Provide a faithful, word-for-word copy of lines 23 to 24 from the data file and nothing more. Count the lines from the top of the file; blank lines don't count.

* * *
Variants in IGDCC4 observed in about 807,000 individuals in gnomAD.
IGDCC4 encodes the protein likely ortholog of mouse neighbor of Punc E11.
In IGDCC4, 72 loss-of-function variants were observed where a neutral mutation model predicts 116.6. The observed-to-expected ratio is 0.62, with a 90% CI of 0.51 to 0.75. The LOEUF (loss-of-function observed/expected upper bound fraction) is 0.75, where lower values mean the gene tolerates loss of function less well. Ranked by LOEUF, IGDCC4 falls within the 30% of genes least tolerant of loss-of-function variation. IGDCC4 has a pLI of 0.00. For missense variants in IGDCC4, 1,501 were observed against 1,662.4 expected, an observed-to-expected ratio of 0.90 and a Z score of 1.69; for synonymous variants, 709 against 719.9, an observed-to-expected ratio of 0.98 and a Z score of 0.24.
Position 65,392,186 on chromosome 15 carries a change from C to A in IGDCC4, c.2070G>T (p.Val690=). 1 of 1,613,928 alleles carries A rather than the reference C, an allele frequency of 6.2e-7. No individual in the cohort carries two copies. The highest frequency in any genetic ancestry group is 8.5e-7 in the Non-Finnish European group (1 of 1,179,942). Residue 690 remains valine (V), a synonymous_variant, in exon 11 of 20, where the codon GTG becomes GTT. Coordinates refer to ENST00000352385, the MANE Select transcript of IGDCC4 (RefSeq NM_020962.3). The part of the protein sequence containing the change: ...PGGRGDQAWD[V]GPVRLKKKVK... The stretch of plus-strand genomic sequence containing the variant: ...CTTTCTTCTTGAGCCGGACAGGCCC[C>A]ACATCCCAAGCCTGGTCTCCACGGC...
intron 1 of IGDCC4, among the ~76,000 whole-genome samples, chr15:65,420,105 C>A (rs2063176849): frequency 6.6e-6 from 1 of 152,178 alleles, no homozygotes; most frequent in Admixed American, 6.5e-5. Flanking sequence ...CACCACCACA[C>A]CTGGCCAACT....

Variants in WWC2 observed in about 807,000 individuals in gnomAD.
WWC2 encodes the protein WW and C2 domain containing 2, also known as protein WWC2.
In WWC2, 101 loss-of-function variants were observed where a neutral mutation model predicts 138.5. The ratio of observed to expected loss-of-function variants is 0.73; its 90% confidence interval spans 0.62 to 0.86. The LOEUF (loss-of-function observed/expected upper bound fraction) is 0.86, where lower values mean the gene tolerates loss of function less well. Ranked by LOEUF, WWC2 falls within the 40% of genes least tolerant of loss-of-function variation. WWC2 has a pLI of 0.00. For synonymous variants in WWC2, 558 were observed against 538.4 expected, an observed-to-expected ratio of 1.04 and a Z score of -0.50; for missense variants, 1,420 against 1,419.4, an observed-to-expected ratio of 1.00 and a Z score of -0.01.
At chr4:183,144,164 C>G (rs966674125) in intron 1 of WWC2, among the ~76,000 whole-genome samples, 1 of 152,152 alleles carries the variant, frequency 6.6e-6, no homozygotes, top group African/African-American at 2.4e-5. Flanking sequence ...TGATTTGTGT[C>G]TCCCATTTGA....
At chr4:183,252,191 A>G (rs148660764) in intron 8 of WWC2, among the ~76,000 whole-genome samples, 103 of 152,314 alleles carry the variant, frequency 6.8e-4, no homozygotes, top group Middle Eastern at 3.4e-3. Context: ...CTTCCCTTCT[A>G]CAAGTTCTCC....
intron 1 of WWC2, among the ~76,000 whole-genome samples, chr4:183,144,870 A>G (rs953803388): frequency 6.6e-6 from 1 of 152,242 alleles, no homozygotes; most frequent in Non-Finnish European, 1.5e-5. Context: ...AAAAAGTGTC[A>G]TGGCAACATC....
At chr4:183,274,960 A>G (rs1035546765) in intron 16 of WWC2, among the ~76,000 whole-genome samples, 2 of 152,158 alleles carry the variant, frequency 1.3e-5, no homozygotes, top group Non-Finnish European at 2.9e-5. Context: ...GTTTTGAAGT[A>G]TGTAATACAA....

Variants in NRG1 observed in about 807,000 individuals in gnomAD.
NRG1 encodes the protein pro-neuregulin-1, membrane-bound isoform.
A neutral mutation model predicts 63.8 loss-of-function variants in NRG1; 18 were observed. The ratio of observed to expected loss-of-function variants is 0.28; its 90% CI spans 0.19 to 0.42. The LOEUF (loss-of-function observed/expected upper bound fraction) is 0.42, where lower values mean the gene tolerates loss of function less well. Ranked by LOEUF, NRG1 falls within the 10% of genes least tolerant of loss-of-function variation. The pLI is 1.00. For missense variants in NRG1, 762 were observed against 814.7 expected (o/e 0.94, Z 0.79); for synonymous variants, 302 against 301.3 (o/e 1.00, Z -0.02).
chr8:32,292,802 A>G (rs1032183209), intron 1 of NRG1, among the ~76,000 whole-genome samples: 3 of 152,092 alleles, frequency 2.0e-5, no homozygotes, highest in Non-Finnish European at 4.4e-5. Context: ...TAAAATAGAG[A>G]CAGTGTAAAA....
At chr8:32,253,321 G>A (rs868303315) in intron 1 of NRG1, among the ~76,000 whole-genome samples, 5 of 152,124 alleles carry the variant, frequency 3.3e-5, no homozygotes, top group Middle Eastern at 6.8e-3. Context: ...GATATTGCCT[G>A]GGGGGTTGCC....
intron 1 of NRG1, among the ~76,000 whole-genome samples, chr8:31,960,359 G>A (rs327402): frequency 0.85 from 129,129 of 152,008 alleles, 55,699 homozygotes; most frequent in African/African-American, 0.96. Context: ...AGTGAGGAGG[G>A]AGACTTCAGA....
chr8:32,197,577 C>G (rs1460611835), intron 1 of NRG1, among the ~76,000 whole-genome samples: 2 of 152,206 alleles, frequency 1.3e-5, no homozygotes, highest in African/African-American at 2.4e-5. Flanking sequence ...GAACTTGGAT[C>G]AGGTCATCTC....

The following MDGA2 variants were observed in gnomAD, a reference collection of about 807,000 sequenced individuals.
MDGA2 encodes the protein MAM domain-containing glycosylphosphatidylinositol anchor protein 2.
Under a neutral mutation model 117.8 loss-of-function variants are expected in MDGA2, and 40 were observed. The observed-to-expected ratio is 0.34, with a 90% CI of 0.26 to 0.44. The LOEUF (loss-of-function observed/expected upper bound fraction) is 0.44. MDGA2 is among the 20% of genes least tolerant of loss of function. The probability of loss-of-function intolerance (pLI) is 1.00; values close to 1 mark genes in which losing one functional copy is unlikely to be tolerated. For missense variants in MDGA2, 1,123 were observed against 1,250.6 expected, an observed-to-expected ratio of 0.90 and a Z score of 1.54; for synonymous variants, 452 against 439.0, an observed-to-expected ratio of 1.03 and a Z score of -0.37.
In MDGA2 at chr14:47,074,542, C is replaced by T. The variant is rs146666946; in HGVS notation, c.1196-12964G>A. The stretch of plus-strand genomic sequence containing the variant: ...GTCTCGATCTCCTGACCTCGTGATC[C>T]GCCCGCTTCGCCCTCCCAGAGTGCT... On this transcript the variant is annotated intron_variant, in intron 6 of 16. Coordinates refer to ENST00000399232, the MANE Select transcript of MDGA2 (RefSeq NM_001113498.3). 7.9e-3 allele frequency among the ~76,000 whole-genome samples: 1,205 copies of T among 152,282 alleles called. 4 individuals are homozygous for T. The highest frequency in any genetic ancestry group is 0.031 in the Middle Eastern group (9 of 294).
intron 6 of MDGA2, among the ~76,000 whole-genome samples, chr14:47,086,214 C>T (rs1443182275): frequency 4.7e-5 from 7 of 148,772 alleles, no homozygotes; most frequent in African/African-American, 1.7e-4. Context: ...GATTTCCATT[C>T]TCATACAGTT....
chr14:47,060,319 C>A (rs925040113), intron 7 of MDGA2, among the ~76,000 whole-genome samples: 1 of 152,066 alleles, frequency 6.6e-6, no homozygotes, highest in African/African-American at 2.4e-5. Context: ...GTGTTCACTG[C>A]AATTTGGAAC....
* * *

In MDGA2 at chr14:47,074,542, C is replaced by T. The variant is rs146666946; in HGVS notation, c.1196-12964G>A. The stretch of plus-strand genomic sequence containing the variant: ...GTCTCGATCTCCTGACCTCGTGATC[C>T]GCCCGCTTCGCCCTCCCAGAGTGCT... On this transcript the variant is annotated intron_variant, in intron 6 of 16. Coordinates refer to ENST00000399232, the MANE Select transcript of MDGA2 (RefSeq NM_001113498.3). 7.9e-3 allele frequency among the ~76,000 whole-genome samples: 1,205 copies of T among 152,282 alleles called. 4 individuals are homozygous for T. The highest frequency in any genetic ancestry group is 0.031 in the Middle Eastern group (9 of 294).
intron 6 of MDGA2, among the ~76,000 whole-genome samples, chr14:47,086,214 C>T (rs1443182275): frequency 4.7e-5 from 7 of 148,772 alleles, no homozygotes; most frequent in African/African-American, 1.7e-4. Context: ...GATTTCCATT[C>T]TCATACAGTT....